There was ample speculation over Friday and Saturday that Petrino would revive his career in the northeast corner of Arkansas at ASU, which is scouring the coaching ranks for a replacement after Coach Gus Malzahn left for Auburn.

The parties engaged in talks over the weekend, but no formal interview took place and no deal was struck, but it spurred plenty of chatter about the implications of Petrino returning to the sidelines in a state where his firing fractured part of the Arkansas fan base.

There’s also the looming question of how long Petrino would remain at a more modest program and whether he’d accept an ample buyout as part of any contract.

At Western Kentucky, Petrino would owe $1.2 million if he left for another job at any time during the span of the current four-year agreement, with those payments coming monthly over the first six months of any departure.

Petrino sidestepped a question about his long-term plans for remaining at Western Kentucky.

“You never know what the future holds,” Petrino said. “We hope to be here as long as possible.”

Meanwhile, Stewart said during his news conference that Western Kentucky had targeted Petrino in October, figuring Taggart might leave after his third season at Western Kentucky, in which the Hilltoppers went 7-5 and were invited to the Little Ceasar’s Bowl against Central Michigan.

Any recent contact Petrino had with ASU seemingly occurred simultaneously with Western Kentucky, with Stewart saying Petrino made contact via text message. And Stewart said it took little time to decide Petrino, 51, was his top choice.

“When you can get No. 1, you do everything to get No. 1,” Stewart said.

Hiring Petrino brings notoriety to a program that is wrapping up its fourth season as a member of the Football Bowl Subdivision and is still building a fan base. Western Kentucky ranked No. 104 out of 120 FBS schools with an average attendance of 17,415 in six games at Houchens-Smith Stadium, which has a seating capacity of 22,113.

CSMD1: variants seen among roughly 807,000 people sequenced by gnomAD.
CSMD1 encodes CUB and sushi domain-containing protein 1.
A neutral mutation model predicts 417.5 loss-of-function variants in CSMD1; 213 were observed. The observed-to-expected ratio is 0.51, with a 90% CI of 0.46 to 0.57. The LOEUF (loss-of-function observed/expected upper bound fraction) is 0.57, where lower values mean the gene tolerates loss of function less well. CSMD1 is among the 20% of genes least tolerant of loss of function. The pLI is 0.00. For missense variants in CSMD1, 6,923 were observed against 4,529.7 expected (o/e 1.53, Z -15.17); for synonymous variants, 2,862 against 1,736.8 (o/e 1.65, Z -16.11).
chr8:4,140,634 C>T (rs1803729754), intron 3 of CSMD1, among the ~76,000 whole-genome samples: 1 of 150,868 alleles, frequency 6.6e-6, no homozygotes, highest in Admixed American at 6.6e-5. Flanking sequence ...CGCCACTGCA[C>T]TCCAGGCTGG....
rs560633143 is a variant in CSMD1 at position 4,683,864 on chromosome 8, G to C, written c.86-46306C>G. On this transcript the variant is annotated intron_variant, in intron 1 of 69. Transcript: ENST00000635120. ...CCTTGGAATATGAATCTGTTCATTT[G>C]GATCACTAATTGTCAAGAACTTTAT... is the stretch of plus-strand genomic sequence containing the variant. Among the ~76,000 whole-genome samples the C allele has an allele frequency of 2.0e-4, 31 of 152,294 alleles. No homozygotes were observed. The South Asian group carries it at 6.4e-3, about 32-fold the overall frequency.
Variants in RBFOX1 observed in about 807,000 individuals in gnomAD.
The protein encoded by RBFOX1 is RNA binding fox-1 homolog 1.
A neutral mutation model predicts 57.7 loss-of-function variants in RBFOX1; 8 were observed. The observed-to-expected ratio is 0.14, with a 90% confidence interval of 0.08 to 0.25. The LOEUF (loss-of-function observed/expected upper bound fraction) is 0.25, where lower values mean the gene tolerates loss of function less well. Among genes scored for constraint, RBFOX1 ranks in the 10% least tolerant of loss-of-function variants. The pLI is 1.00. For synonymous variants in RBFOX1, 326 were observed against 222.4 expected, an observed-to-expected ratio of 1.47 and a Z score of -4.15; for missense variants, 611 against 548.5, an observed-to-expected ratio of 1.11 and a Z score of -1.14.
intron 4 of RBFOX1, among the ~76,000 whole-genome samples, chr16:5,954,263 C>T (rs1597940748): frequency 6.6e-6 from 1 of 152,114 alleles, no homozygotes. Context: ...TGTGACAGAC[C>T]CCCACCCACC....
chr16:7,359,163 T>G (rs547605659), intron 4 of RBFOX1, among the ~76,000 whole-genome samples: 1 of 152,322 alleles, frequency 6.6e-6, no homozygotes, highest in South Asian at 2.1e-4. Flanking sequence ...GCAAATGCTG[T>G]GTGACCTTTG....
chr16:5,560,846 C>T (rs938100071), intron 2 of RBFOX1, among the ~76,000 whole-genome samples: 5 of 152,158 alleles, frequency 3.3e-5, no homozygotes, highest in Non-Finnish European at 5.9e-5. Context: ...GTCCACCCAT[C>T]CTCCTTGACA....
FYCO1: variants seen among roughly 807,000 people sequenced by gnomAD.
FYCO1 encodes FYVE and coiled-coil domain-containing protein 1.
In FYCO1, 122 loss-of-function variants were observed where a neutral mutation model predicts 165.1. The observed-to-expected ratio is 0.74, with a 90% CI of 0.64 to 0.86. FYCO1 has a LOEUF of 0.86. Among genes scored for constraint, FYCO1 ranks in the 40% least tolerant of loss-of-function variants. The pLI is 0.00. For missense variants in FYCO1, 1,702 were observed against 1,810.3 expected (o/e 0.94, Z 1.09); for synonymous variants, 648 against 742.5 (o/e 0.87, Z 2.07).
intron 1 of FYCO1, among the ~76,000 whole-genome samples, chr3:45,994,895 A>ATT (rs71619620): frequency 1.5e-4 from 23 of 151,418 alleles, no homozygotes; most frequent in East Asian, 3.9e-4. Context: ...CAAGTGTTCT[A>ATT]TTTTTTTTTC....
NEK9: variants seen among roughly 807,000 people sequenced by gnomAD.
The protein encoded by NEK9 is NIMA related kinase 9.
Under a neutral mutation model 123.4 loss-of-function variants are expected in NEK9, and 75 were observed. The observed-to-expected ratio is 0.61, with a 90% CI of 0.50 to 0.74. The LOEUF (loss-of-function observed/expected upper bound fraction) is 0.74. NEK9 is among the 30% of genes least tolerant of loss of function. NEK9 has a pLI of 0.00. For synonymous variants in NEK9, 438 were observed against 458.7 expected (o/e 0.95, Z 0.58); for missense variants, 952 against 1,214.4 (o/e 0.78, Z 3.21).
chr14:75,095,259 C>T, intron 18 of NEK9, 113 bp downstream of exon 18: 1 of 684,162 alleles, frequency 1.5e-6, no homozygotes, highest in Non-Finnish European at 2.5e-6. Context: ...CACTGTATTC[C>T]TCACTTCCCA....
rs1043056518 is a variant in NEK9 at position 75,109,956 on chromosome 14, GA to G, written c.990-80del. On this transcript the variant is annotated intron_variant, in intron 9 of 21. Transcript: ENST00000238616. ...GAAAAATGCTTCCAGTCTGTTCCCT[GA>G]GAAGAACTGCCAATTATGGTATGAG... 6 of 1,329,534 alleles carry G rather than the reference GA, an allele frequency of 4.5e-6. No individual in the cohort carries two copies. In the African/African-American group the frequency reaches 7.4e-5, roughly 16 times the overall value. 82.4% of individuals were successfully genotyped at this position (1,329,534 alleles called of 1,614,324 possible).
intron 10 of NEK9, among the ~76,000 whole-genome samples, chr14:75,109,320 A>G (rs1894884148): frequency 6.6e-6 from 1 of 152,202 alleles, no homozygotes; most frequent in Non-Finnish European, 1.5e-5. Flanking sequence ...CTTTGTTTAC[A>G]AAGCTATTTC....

“I don’t think it was lacking,” Stewart said of the attendance. “The last half of the season, we weren’t able to sustain it, and that goes with winning and losing.”

Stewart dismissed any suggestion that the decision to hire Petrino was a “gimmick.”

“Are you kidding me?” Stewart said. “He’s been to a bowl game seven of the last eight years. That’s not a gimmick. That’s a high level of success. That’s why we hired him.” Information for this article was contributed by Arkansas Democrat-Gazette reporters Matthew Harris and Tom Murphy.

COLORADO MacIntyre hired

BOULDER, Colo. - Mike MacIntyre turned around the San Jose State football program in short order and will be asked to do the same at Colorado.

On Monday, MacIntyre signed a five-year deal to coach the Buffaloes. He will make $2 million a season.

His hiring ends a two-week search by Colorado that included a rejection by its first choice, Butch Jones, who instead became Tennessee’s head coach.

MacIntyre inherits a program that’s had seven consecutive losing seasons, including a 1-11 record this year under Jon Embree that was the worst in the 123-year history of the program.

Before meeting with reporters Monday, MacIntyre had a chance to chat with his new team, leaving his players with this thought: He’s turned around one downtrodden program and can do the same in Boulder.

“I think he won a lot of guys over in his confidence, with what he did at San Jose State and what he can do now,” quarterback Connor Wood said. “He said we have a lot of talent here and can do the exact same thing. We believe it.”